Military development

In 2014, land reclamation started inside the rims.[16] The Philippines filed a diplomatic protest against China after the discovery of their reclamation activities.[17] By January 2016, work was well advanced on developing a military base with a large harbour and a 2,600 metres (8,500 ft) runway, with the reclaimed land covering 558 hectares (1,380 acres).[18] A civilian test flight to the runway was conducted by a China Southern Airlines passenger jet on 13 July 2016.[19]

In late 2016, photographs emerged which suggested that Mischief Reef was armed with anti-aircraft weapons and a CIWS missile-defence system.[20]

See also


  1. ^ "The battle for Mischief Reef". Warfighter.org. Retrieved 27 November 2013. 
  2. ^ "Map of Mischief reef". Wikimapia. Retrieved 17 March 2014. 
  3. ^ Mischief Reef Tracker, amti.csis.org
  4. ^ Raman, B (1999). Chinese Territorial Assertions: The Case of the Mischief Reef. Chennai, India: Institute For Topical Studies. 
  5. ^ Meyer, Lt Col. Stanley E (1996). Incident at Mischief reef : Implications for The Philippines, China and The United States. Pennsylvania, USA: US Army war college, Carlisle barracks. 
  6. ^ "Spratly Islands Conflicting Claims". GlobalSecurity.org. Retrieved 24 August 2013. 
  7. ^ Forbes, Robert (1885). Notes on the ships of the past (1st ed.). Boston: J.F.Cotter and Co. p. 48. 
  8. ^ Hancox, David; Prescott, Victor (1995). A Geographical Description of the Spratly Islands and an Account of Hydrographic Surveys amongst Those Islands. Maritime Briefings. 1. University of Durham, International Boundaries Research Unit. p. 28. ISBN 978-1897643181. 
  9. ^ Campbell, Eric (20 May 2014). "Reef madness". Foreign Correspondent. ABC News. Retrieved 22 May 2014. 
  10. ^ Cire Sarr (19 August 2001). "Digital Gazetteer of Spratly Islands". www.southchinasea.org. Retrieved 7 October 2014.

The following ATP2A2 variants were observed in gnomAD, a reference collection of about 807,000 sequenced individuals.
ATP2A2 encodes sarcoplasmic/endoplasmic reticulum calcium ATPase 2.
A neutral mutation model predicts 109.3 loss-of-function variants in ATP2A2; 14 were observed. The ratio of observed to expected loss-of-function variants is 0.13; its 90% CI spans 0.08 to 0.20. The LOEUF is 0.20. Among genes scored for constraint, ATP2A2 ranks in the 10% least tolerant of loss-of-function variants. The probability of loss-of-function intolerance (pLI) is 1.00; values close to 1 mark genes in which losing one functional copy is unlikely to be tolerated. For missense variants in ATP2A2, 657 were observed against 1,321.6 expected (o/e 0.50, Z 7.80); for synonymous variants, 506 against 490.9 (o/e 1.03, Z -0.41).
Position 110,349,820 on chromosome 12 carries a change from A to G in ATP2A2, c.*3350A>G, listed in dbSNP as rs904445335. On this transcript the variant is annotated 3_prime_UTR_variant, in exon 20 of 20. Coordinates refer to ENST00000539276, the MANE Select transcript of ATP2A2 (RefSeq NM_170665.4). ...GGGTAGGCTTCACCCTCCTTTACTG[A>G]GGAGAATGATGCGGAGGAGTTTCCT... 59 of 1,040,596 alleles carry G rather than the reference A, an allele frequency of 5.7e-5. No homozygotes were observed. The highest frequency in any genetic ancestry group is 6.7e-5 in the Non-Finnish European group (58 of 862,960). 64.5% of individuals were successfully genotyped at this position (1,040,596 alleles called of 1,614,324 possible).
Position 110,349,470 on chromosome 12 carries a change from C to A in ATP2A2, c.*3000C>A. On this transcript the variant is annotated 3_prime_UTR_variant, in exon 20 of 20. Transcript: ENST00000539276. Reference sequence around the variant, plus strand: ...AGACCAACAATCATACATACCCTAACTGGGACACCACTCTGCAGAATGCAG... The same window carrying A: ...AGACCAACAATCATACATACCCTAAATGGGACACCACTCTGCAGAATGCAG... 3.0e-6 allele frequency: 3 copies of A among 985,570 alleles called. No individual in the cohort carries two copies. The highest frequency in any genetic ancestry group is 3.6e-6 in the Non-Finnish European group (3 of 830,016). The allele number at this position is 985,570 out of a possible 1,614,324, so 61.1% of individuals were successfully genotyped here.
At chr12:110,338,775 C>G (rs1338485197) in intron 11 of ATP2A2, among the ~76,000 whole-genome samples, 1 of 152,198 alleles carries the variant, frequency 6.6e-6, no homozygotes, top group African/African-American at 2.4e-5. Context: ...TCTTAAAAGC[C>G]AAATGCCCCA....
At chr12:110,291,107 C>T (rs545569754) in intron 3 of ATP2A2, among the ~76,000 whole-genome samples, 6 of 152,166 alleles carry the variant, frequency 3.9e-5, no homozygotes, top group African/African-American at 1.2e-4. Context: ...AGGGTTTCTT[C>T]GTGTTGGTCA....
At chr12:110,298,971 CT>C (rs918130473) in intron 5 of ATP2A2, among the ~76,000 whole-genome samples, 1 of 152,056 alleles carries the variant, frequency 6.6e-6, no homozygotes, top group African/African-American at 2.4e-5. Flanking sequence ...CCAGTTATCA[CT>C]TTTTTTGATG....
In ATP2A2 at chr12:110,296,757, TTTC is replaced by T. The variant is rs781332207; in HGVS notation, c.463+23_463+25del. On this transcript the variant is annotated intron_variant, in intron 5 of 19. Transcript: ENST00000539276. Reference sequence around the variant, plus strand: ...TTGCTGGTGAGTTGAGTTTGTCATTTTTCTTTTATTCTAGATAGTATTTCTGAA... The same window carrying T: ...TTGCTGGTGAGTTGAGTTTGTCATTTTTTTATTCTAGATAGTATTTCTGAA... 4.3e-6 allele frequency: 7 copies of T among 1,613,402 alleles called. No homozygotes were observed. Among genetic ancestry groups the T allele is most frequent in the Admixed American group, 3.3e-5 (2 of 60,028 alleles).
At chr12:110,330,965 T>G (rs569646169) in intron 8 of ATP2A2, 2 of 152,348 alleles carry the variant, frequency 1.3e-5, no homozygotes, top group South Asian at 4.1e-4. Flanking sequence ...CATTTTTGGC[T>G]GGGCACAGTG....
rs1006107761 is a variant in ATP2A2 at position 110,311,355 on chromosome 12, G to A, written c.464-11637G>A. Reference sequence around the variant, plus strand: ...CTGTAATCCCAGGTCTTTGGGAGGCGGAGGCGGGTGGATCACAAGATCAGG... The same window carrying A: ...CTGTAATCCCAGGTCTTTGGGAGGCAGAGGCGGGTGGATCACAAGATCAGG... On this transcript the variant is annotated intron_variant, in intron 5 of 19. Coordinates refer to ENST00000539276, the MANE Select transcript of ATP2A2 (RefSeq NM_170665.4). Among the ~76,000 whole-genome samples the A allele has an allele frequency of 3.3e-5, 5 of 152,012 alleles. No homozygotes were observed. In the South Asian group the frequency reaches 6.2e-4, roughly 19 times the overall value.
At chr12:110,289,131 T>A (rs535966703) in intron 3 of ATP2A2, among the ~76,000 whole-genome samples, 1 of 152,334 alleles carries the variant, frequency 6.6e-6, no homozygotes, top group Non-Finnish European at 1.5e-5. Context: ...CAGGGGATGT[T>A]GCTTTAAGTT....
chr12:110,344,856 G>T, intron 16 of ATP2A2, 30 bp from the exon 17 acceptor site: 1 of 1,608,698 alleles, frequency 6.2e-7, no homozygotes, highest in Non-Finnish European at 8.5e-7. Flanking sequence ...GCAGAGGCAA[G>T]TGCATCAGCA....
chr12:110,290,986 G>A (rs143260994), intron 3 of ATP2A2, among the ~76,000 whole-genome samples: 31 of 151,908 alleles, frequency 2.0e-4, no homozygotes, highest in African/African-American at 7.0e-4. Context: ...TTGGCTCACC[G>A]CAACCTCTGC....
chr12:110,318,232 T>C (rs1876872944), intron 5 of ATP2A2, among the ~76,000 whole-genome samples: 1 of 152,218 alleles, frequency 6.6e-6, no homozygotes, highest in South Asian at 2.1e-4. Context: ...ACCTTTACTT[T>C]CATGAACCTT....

11. ^ Ian Storey; Herbert Yee (2004). The China threat : Perceptions and myths. Routledge. ISBN 0415347106. 
  12. ^ a b c McCarthy, Terry (8 March 1999). "Reef Wars". Time Asia. Puerto Princessa, Palawan. 153 (9). Retrieved 22 March 2008. 
  13. ^ Tania Branigan. "Chinese frigate runs aground in disputed part of South China Sea". the Guardian. 
  14. ^ "Award" (PDF). Permanent Court of Arbitration. 12 July 2016.  p.174
  15. ^ "Award" (PDF). Permanent Court of Arbitration. 12 July 2016.  p.260
  16. ^ David E. Sanger and Rick Gladstone, "Piling Sand in a Disputed Sea, China Literally Gains Ground", The New York Times, 8 April 2015.
  17. ^ Del Callar, Michaela (10 February 2015). "PHL files new diplomatic protest over China's reclamation in Mischief Reef". GMA News. Retrieved 24 May 2016. 
  18. ^ "Airstrips near Completion". Asia Maritime Transparency Initiative. January 2016. Retrieved 2016-01-30. 
  19. ^ "China conducts test flights on two new airports on Nansha Islands". Xinhua. Retrieved 2016-07-14. 
  20. ^ "China's New Spratly Island Defenses". Center for Strategic and International Studies. 2016-12-13. Retrieved 2016-12-17. 

Further reading